07 October 2014

What're your plans?

I have had many people ask, "So, how do you train for that?" and the real answer is: I'm not. Let me qualify that statement.

If you are familiar with this.....well, you know.
Image: www.sport-fitness-advisor.com
No, that is not my training plan, although I have been there, boy, have I been there. I have been on strict 18-week training cycles for marathons, 10-week blistering summer heat training plans for cross country and have done targeting running for the smattering of road races of all distances in between. I've had pace per mile down to a science, track splits and repeat intervals memorized and the "planned marathon pace" runs carved into my cortex. The aim for each of these training plans was simple - race at capacity with a target finish time. That is not the goal of this endeavor.

The goal is to run in support of those working to get back on their feet (figuratively and literally), to return to that thing that brings me joy and enriches my life, to defeat the medical naysayers and to redefine my new "normal" in terms that make sense for me.

Image from: MaraMon2013
But, really, though, "How are you training for that?" If you look at the training calendar, you'll notice that I am running around 3-4 times a week, with cross-training thrown in for good measure on non-running days. My longest training run has been in the vicinity of 14 miles and I am on hiatus from the track workouts. While I give each race my full effort, I am not seeking to conquer the competition; by all rights, I shouldn't even be toeing the start line, so it's about that - making it from start to finish.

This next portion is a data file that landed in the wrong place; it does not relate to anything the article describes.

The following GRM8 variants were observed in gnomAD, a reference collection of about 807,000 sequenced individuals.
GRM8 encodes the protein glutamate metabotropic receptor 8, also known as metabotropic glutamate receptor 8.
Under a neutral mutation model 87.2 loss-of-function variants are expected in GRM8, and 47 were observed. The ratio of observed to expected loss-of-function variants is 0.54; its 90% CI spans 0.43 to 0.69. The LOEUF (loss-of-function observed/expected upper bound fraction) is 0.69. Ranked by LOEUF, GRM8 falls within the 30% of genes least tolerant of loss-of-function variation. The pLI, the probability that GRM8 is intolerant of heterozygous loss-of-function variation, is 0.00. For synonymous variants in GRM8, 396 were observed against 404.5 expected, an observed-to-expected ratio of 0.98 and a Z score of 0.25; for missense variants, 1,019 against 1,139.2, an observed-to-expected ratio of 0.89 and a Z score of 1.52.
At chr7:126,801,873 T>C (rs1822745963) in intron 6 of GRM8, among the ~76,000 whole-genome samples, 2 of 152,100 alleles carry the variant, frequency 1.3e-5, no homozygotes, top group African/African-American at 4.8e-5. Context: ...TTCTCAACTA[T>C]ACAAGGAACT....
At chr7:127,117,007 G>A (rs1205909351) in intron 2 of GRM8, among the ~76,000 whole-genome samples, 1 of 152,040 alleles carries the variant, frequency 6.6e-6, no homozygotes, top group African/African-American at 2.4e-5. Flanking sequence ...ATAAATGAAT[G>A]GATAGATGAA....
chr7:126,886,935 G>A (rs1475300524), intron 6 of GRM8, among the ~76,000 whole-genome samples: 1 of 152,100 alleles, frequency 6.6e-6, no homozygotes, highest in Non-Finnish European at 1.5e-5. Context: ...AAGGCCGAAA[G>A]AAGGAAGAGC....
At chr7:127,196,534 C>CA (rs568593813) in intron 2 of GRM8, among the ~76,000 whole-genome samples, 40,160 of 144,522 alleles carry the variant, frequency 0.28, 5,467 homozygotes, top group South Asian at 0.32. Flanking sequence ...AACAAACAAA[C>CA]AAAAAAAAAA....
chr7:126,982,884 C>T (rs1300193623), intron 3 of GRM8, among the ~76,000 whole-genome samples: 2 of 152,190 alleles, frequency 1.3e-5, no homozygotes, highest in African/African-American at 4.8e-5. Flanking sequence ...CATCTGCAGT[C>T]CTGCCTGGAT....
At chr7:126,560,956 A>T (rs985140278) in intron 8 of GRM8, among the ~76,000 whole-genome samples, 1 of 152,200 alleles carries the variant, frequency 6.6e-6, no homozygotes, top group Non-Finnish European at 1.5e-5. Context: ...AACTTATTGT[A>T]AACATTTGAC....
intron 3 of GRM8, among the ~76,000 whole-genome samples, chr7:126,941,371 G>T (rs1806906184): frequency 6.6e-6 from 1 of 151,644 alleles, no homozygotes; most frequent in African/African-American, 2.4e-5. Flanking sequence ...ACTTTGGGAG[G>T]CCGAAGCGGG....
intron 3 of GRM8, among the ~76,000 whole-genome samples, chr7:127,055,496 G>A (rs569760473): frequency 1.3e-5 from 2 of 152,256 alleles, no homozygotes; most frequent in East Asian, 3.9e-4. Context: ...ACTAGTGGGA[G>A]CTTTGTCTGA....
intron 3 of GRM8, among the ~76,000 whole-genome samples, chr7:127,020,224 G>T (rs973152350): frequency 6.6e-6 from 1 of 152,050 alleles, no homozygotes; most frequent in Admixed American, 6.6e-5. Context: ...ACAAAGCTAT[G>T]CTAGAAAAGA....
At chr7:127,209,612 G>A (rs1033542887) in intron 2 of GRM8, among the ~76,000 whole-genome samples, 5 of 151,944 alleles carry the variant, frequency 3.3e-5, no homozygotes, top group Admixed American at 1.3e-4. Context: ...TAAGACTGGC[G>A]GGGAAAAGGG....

Image from: fb.com/Distant Runners
"Yes, but don't you want to go fast?" Fast is relative. A long-lost relative as it were, so it puts my training into perspective.  Most of my training runs, both long and short, have been in the range of 8:25-8:45, with a few averaging under and a few over. I will hop back onto some interval training following the Croatan 24-hour Race in November, as three of the last five races are 13.1, 25K, and 13.1, respectively. Nonetheless, I train based on how I my body feels (not just my legs), understanding that I will need to run on tired legs at times and preparing to up my mileage and begin adding back-to-back long (15-miles+) runs in as January rolls around. When I was recovering, it was an enormous victory to walk to the end of my block and back; that I can run at all is my reward, speed is just a number and a mile is still a mile, no matter how quickly I cover the distance.

I have training partners, a club I run with and some milestones I am achieving in every race. I love running - the exhilaration, the fatigue, the lactic acid, the sweat and the pain. Most of all, I love that I have the opportunity to lace up and get out there.  In essence, that's my training plan.

Image: www.runnersworld.com

No comments:

Post a Comment